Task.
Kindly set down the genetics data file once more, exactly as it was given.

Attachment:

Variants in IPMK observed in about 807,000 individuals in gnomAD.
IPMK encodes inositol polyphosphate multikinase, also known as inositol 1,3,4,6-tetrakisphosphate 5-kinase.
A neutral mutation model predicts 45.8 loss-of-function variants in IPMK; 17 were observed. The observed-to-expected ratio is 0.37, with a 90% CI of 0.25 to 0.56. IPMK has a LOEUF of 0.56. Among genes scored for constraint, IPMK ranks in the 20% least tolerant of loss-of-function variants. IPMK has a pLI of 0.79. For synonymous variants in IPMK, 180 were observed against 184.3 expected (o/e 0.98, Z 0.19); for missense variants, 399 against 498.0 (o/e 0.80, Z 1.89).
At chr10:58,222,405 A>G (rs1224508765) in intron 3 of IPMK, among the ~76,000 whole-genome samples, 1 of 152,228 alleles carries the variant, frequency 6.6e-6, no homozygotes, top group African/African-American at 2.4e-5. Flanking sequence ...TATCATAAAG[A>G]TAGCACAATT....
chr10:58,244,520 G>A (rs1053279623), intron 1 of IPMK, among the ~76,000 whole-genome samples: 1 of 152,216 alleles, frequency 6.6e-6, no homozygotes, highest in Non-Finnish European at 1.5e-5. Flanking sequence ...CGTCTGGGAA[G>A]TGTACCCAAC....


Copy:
Variants in IPMK observed in about 807,000 individuals in gnomAD.
IPMK encodes inositol polyphosphate multikinase, also known as inositol 1,3,4,6-tetrakisphosphate 5-kinase.
A neutral mutation model predicts 45.8 loss-of-function variants in IPMK; 17 were observed. The observed-to-expected ratio is 0.37, with a 90% CI of 0.25 to 0.56. IPMK has a LOEUF of 0.56. Among genes scored for constraint, IPMK ranks in the 20% least tolerant of loss-of-function variants. IPMK has a pLI of 0.79. For synonymous variants in IPMK, 180 were observed against 184.3 expected (o/e 0.98, Z 0.19); for missense variants, 399 against 498.0 (o/e 0.80, Z 1.89).
At chr10:58,222,405 A>G (rs1224508765) in intron 3 of IPMK, among the ~76,000 whole-genome samples, 1 of 152,228 alleles carries the variant, frequency 6.6e-6, no homozygotes, top group African/African-American at 2.4e-5. Flanking sequence ...TATCATAAAG[A>G]TAGCACAATT....
chr10:58,244,520 G>A (rs1053279623), intron 1 of IPMK, among the ~76,000 whole-genome samples: 1 of 152,216 alleles, frequency 6.6e-6, no homozygotes, highest in Non-Finnish European at 1.5e-5. Flanking sequence ...CGTCTGGGAA[G>A]TGTACCCAAC....